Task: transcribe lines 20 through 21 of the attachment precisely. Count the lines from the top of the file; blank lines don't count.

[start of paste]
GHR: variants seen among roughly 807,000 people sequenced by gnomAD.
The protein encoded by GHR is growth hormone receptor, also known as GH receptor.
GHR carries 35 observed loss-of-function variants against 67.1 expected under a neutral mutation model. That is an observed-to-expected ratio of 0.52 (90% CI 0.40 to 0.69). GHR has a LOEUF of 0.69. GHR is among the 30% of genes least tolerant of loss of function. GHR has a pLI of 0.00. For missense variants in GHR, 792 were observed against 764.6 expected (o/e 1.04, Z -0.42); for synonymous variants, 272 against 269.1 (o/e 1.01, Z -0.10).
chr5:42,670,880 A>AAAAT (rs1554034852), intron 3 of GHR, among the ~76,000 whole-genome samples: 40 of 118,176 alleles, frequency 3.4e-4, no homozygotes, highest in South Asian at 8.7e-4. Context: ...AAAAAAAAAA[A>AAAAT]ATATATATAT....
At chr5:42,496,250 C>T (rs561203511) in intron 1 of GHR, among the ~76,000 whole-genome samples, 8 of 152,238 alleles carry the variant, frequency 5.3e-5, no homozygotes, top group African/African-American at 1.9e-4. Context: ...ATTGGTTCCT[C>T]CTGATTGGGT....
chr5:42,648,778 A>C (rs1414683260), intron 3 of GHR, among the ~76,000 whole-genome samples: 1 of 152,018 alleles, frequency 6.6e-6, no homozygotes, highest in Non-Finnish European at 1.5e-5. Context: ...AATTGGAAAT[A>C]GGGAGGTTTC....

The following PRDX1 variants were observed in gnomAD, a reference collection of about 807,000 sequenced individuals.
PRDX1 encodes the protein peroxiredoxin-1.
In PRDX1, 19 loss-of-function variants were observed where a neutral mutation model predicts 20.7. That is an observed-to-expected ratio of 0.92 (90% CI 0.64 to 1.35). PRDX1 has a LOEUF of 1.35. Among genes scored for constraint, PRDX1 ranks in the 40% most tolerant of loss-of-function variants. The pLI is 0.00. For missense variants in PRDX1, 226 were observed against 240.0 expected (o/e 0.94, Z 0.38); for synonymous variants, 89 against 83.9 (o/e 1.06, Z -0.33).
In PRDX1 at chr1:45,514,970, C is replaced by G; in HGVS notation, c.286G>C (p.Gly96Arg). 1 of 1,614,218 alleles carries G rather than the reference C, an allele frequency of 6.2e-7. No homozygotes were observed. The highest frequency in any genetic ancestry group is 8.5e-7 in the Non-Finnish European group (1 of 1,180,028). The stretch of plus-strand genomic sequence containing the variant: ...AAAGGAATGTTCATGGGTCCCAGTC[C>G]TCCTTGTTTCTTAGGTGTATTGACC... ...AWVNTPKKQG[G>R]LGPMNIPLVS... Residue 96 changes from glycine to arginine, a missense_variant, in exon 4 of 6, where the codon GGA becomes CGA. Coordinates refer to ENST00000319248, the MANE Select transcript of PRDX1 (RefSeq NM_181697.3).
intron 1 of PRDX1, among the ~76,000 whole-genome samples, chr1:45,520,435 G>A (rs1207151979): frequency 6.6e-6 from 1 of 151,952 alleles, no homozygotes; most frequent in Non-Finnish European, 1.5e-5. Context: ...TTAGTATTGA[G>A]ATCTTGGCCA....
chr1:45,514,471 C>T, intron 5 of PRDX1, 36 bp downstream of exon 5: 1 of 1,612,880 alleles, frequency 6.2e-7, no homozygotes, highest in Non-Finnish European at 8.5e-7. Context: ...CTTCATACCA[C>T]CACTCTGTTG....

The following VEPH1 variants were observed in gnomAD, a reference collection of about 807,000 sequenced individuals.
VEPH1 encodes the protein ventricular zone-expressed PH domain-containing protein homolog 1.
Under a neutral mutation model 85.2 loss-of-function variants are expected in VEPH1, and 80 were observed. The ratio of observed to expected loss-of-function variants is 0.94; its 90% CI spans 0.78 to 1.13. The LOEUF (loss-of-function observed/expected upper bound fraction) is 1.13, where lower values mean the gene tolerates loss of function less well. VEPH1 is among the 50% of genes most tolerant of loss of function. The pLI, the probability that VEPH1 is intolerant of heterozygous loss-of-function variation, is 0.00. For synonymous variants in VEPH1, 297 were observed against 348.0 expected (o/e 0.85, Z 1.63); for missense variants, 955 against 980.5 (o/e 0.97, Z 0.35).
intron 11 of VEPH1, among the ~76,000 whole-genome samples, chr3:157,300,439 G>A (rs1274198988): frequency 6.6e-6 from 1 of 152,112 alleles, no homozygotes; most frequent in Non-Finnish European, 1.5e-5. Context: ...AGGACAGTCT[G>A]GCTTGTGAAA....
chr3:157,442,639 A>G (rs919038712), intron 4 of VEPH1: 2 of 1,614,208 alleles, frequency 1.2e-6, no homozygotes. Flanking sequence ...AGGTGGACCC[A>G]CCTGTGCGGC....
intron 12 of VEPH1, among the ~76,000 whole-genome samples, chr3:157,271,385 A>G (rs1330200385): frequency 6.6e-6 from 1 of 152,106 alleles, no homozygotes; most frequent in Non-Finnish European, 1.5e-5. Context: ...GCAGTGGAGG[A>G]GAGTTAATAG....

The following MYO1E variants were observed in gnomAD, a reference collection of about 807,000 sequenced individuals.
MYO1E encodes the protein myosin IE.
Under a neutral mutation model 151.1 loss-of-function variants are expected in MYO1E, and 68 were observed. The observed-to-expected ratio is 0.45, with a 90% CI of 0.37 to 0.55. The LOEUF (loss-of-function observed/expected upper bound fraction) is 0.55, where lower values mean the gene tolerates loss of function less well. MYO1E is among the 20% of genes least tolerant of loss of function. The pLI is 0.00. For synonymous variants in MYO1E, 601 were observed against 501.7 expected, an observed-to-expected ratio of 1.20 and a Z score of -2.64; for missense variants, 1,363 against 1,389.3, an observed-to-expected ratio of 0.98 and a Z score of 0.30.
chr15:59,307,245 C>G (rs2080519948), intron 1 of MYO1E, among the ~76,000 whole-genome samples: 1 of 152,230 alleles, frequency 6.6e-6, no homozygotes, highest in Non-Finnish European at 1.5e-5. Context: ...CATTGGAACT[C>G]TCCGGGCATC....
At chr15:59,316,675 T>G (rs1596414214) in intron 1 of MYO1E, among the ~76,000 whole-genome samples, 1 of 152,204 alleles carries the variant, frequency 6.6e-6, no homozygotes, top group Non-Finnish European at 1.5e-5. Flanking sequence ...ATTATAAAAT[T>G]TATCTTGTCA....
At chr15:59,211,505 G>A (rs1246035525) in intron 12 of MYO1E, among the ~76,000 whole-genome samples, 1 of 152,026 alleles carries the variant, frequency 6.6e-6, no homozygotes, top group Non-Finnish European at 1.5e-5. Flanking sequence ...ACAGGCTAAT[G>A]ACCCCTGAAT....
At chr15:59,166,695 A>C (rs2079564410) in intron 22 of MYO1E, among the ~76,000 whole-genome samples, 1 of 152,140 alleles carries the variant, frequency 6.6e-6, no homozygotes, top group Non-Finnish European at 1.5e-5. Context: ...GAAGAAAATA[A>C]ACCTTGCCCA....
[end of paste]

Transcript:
MYO1E encodes the protein myosin IE.
Under a neutral mutation model 151.1 loss-of-function variants are expected in MYO1E, and 68 were observed. The observed-to-expected ratio is 0.45, with a 90% CI of 0.37 to 0.55. The LOEUF (loss-of-function observed/expected upper bound fraction) is 0.55, where lower values mean the gene tolerates loss of function less well. MYO1E is among the 20% of genes least tolerant of loss of function. The pLI is 0.00. For synonymous variants in MYO1E, 601 were observed against 501.7 expected, an observed-to-expected ratio of 1.20 and a Z score of -2.64; for missense variants, 1,363 against 1,389.3, an observed-to-expected ratio of 0.98 and a Z score of 0.30.